Tech Plans is a series of drawings exploring themes around the history of the architectural plan, workplace culture, and the tech-sector's need for office and creative space. The drawings prioritize a re-reading of Koolhaas’ “Typical Plan”, Venturi’s “Inside and Outside” and two of Stewart Brand’s seven S’s (Structure and Stuff in this case).
Tech Plans consider what this might mean in the context of a Silicon Valley ‘tech
building’ where leisure, work, amenity, and collaborations happen at the scale
of “Stuff” while the scale of the building itself expands. These “Tech Plans”
do not fuss over form – they are all square as they problematize relationships
between internal Structure and Stuff as the primary ensemble of workplace
environments in the tech industry. More importantly, the intermingling between
these two, Structure and Stuff, fosters a “Shuffled” spatial quality
characterized by what I call spatial provincialisms. Whereas ‘scattering’ has
more to do with the spreading of otherwise unrelated materials (see Confetti Urbanism, for example) within an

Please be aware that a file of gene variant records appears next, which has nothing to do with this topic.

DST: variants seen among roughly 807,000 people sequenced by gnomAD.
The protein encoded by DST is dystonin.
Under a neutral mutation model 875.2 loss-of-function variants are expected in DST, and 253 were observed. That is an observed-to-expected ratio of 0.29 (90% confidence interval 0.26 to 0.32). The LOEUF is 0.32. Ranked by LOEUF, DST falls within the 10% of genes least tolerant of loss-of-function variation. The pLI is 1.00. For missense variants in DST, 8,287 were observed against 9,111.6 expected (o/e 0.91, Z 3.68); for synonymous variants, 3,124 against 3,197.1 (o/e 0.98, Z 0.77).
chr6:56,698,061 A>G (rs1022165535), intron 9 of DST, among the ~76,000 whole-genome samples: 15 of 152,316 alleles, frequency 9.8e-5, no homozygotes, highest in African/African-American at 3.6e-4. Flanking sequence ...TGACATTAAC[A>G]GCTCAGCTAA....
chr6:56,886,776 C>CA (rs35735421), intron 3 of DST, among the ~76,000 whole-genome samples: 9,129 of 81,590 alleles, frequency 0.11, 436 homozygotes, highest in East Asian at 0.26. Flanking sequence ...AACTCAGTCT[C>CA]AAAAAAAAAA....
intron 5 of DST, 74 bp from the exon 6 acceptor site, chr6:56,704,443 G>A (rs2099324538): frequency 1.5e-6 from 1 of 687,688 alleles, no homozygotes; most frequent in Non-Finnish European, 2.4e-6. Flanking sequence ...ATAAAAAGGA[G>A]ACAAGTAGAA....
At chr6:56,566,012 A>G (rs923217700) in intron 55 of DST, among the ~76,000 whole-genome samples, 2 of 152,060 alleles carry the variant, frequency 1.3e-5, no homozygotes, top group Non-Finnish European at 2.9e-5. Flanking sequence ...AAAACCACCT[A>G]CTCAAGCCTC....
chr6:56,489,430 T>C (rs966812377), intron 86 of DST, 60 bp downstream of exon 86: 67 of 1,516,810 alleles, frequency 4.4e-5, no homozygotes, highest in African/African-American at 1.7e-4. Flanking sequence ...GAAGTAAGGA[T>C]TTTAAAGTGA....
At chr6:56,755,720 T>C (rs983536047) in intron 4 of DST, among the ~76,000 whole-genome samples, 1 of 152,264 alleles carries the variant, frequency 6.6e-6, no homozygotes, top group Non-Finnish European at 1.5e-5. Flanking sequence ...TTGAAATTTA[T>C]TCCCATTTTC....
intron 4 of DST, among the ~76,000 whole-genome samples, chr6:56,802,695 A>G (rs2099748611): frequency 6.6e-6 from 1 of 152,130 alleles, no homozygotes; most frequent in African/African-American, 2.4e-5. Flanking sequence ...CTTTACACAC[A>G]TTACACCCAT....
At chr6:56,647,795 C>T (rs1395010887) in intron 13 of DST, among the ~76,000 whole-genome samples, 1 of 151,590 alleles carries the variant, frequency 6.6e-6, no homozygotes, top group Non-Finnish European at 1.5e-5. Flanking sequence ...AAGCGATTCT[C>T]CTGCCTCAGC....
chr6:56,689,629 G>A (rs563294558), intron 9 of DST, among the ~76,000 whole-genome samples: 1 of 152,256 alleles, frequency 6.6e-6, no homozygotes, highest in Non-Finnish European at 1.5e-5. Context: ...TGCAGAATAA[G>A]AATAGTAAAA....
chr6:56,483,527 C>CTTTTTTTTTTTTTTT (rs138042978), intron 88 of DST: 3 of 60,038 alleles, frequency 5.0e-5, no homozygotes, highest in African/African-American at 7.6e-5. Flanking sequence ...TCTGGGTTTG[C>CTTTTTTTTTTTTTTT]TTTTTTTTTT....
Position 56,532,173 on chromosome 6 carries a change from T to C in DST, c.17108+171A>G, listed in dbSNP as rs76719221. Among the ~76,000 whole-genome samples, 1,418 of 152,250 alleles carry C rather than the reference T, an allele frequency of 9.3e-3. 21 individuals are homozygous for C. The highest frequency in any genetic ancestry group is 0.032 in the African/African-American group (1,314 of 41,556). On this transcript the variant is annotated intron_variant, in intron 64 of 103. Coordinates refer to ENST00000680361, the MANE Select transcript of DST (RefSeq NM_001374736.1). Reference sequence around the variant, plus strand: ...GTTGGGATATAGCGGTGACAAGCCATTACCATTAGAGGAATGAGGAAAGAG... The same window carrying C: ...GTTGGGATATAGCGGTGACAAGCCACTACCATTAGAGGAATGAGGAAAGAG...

indeterminate edge, ‘shuffling’ is bounded at the perimeter and characterized by
an interior informality that is something between a loose-fit plan and a free
plan. In a shuffled plan interiors
within interiors stage fleeting social and spatial provincialisms with episodic
in-between spaces. In a shuffled plan Brand’s definition of “stuff” grows
beyond the scale of furniture to include rooms, stairs, walls, and even
houses, grocery stores, and gyms – once
stand-alone amenities now absorbed into the interior of the Tech Plan and simply become the biggest “Stuff” within an even larger room. Free plan is
zoned by column grids while at other instances corridors and enfilade conflate into
each other, redundant enclosures make rooms within rooms, equipment densifies
as leisure expands, and programmatic hybridity maximizes amenity as “Stuff”
scales up creating spatial pockets.
These drawings are purposefully rhetorical. They are not intended to be considered as ‘real buildings’, but rather as critical reflections on the relationships between workplace culture in the tech industry, professional leisure, and the architectural plan. The drawings are conceived so as to both spur alternative public and disciplinary imaginaries while reflecting on the contemporary status of Silicon Valley tech building.